Hints and tips on photography 4

A Guide to:

Photo taking Cities At Night-time

One of the toughest points about shooting a urban area at dark is truly finding a good vantage point. There are quite a few places that have viewpoints, but many will be unreachable at dark, or will not permit you to use a tripod.  Do some research using postcards and see where other photographers have taken photos and keep a eye out for open spaces on a map, particularly those that look out across a river.


While photographers talk about ‘night’ photography, the best pictures will actually be taken at dusk, whilst there is still light in the sky. If you take pictures too late, then the sky will be totally black and any illuminated areas of the structures will tend to over-expose and bleach out. The time to take your pictures is when the ambient light on streets and buildings, the well-lit areas of the shot and the dimming sky are all steady. This is a very short window of time, and it is worth shooting every minute or so and reviewing the results.

Camera wobble is the major drawback that you will have to deal with. It used to be that you regularly had to use a stand to keep the camera still, but with contemporary digital cameras’ much improved high ISO performance, you can now select a higher sensitivity and hand-hold the camera. This will generally be restricted to lighter scenes and you won’t be able to use more powerful telephoto lenses.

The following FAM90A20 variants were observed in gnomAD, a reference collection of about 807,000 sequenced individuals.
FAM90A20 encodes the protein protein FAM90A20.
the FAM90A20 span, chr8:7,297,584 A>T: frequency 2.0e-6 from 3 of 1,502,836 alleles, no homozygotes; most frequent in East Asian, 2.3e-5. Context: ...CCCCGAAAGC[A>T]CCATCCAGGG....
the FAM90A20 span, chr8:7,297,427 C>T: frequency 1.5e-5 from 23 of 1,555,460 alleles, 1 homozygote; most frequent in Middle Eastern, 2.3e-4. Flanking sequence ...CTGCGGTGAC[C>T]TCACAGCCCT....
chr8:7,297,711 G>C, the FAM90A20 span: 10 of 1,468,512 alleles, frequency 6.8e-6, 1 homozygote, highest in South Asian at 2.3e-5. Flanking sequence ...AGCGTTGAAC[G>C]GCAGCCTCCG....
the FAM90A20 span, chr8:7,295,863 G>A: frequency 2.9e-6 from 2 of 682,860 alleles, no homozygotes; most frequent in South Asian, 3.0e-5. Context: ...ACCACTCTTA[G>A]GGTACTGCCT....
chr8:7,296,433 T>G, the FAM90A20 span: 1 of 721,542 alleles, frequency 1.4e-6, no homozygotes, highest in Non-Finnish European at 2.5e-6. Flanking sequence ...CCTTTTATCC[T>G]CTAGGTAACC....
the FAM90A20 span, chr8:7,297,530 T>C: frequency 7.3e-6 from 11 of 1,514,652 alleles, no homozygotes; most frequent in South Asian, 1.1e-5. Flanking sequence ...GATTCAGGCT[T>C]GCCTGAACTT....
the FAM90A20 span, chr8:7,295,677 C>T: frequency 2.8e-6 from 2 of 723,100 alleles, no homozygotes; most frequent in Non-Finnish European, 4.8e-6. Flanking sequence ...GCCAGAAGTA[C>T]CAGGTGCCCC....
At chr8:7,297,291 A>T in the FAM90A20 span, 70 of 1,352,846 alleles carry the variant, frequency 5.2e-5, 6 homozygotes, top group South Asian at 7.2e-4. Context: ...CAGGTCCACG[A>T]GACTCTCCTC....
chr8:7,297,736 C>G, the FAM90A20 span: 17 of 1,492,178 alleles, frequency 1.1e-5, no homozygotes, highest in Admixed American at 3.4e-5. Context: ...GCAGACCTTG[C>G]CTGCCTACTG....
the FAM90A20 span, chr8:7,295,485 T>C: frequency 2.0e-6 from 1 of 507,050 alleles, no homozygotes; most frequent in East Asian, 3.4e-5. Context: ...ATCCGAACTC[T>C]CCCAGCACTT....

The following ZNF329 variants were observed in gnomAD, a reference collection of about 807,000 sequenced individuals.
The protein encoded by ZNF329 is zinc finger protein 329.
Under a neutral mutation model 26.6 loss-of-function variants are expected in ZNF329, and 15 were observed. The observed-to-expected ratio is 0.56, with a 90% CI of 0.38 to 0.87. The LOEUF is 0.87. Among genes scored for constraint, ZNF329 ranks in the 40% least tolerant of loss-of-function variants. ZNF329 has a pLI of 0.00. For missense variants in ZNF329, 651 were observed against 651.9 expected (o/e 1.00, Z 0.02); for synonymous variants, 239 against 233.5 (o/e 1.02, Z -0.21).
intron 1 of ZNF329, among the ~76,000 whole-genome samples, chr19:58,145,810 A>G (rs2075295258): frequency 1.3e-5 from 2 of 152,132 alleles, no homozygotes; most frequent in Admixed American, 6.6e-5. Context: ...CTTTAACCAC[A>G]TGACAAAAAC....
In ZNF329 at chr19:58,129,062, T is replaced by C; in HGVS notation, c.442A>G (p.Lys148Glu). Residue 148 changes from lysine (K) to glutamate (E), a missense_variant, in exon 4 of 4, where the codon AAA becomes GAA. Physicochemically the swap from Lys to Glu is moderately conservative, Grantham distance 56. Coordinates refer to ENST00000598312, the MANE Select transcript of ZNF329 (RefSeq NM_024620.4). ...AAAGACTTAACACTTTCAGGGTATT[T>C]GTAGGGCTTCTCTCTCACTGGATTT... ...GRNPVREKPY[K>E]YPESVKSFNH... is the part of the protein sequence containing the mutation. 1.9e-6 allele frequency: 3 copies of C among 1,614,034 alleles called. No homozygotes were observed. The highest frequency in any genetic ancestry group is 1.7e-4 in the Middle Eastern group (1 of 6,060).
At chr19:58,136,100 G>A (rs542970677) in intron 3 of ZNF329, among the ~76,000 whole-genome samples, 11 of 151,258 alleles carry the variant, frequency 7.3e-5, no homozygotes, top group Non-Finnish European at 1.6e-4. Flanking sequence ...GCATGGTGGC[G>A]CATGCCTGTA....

If you are at a vantage point that doesn’t allow the use of a tripod, then this may be the one way to take photos, but arguably you will get better quality photos if you shoot with a lower sensitivity and a support.

Light Trails

A support will allow you to use a smaller aperture to get a greater depth of field and the commensurately longer exposures will let you to record vehicle trails: where car head and rear lights move during the exposure making long trails of light.

When choosing a tripod, you need to be sure that it is steady. This is always a balance between bulk and stability, particularly for photo sharing, but a flimsy tripod which will wobble in a mere zephyr is worse than useless! You will also need some sort of remote release so that the camera isn’t jogged during the exposure.


When dealing with the exposure, you should avoid pointing the camera directly at a very bright part of the scene as this will fool the camera into overexposing. Position the http://www.worldgreatcities.com camera at an regular part of the sky, and then brace it – take a few photos at different exposures to make sure one of them is accurate.

If your camera has like this different photo style modes, set it to the dark photography mode. This will help with exposures and also guie your camera to use a slower speed and not automatically kick in with the flash. If you do not have a picture scene mode, then you might have to turn off the built in flash to guarantee that the camera will use a slower speed.

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